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GEN’s editor in chief, John Sterling, interviews life science academic and biotech industry leaders on important research, technology, and trends. These podcasts will keep you informed with all the important details you need.

While much is written about the difficulties people may encounter when they move from one corporate business culture to another, there are probably even greater obstacles facing individuals wishing to leave the academic research laboratory for a job in the bioindustry. More than involving distinct cultures, this type of career change can be viewed as a journey between different worlds.



This week's podcast interviewee has been very successful in both worlds. Gail Naughton, Ph.D., talks about the main obstacles facing scientists when they make the transition from academia to the bioindustry. She discusses the specfic hurdles she had to overcome to commercialize her laboratory-discovered tissue engineered products, TransCyte and Dermagraft. Dr. Naughton dissucces how scientists can learn to become effective marketeers for their companies and about how important is it for scientists to have an industry mentor to help them find their way in a non-ivory tower career in business. She also addresses the issue of why there are so few women running biotech and pharmaceutical companies and makes some suggestions on what can be done to move more women into upper echelon management levels. Dr. Naughton points out that "traditional sciences does not train its students in the practicalities of business and management" and offers advice on how academic researchers can get a better handle on these practicalities.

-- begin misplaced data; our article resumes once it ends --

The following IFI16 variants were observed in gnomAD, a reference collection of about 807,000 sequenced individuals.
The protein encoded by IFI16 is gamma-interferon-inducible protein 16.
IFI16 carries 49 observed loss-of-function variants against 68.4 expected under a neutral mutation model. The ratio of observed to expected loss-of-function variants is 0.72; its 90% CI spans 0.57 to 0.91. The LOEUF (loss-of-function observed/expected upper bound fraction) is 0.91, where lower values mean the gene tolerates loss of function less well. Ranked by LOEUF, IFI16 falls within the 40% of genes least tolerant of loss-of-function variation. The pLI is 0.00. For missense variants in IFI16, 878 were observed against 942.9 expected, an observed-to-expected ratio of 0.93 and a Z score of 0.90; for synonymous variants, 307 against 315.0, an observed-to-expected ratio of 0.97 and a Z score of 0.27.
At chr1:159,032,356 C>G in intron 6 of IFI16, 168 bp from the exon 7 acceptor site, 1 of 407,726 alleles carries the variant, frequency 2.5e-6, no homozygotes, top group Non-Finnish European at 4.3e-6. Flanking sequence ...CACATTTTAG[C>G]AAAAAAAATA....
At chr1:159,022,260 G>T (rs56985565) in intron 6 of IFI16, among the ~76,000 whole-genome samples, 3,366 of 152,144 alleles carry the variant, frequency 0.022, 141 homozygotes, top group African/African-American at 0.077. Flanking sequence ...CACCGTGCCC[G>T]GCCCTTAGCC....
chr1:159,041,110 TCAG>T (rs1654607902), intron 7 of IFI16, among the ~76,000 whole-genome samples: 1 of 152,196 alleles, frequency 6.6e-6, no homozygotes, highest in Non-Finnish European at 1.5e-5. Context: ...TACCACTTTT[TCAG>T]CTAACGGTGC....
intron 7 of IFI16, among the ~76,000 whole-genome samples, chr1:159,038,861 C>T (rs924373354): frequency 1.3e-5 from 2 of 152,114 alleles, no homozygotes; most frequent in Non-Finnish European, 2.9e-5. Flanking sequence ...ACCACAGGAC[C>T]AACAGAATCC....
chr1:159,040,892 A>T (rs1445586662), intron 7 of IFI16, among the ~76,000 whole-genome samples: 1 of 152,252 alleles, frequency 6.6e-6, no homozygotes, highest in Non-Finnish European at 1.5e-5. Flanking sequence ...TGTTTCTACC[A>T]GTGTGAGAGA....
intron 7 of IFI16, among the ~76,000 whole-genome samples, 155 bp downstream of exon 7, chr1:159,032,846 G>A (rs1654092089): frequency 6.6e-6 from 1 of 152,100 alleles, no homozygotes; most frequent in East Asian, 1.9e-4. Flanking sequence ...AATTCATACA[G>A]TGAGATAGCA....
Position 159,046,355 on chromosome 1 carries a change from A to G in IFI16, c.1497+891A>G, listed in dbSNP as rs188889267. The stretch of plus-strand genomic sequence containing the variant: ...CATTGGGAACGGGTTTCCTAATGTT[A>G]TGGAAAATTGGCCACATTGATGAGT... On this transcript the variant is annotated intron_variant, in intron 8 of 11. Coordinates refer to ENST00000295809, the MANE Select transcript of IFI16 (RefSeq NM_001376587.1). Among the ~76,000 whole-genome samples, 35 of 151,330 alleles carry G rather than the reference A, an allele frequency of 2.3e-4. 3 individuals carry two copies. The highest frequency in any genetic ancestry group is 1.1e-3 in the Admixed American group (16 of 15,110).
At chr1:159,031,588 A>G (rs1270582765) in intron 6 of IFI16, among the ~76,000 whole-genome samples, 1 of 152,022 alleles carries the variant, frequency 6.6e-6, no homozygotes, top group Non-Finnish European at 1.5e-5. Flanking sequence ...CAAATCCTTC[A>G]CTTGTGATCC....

Be sure to listen to this important and provocative podcast the return to the blog and give your thoughts on the following question:



What do you see as major obstacles to scientists who are trying to move from the research laboratory to the business world as an employee at a biotech or pharmaceutical company?
Gail K. Naughton, Ph.D., has been the Dean of the College of Business Administration at San Diego State University since August 2002. Prior to that, she spent more than 15 years at Advanced Tissue Sciences, where she was the company’s co-founder and co-inventor of its core technology. During her tenure there, Dr. Naughton held a variety of key management positions, including president, chief operating officer, chief scientific officer and principal scientist. While serving as an officer and director of the Company, Dr. Naughton oversaw the design and development of the world’s first up-scaled manufacturing facility for tissue engineered products, established corporate development and marketing partnerships with companies including Smith & Nephew, Ltd., Medtronic and Inamed Corporation, was pivotal in raising over $350M from the public market and corporate partnerships, and brought four products from concept through FDA approval and market launch. Dr. Naughton holds over 90 U.S. and foreign patents and has been extensively published in the field of tissue engineering. In 2000, Dr. Naughton received the 27th Annual National Inventor of the Year award by the Intellectual Property Owners Association in honor of her pioneering work in the field of tissue engineering.


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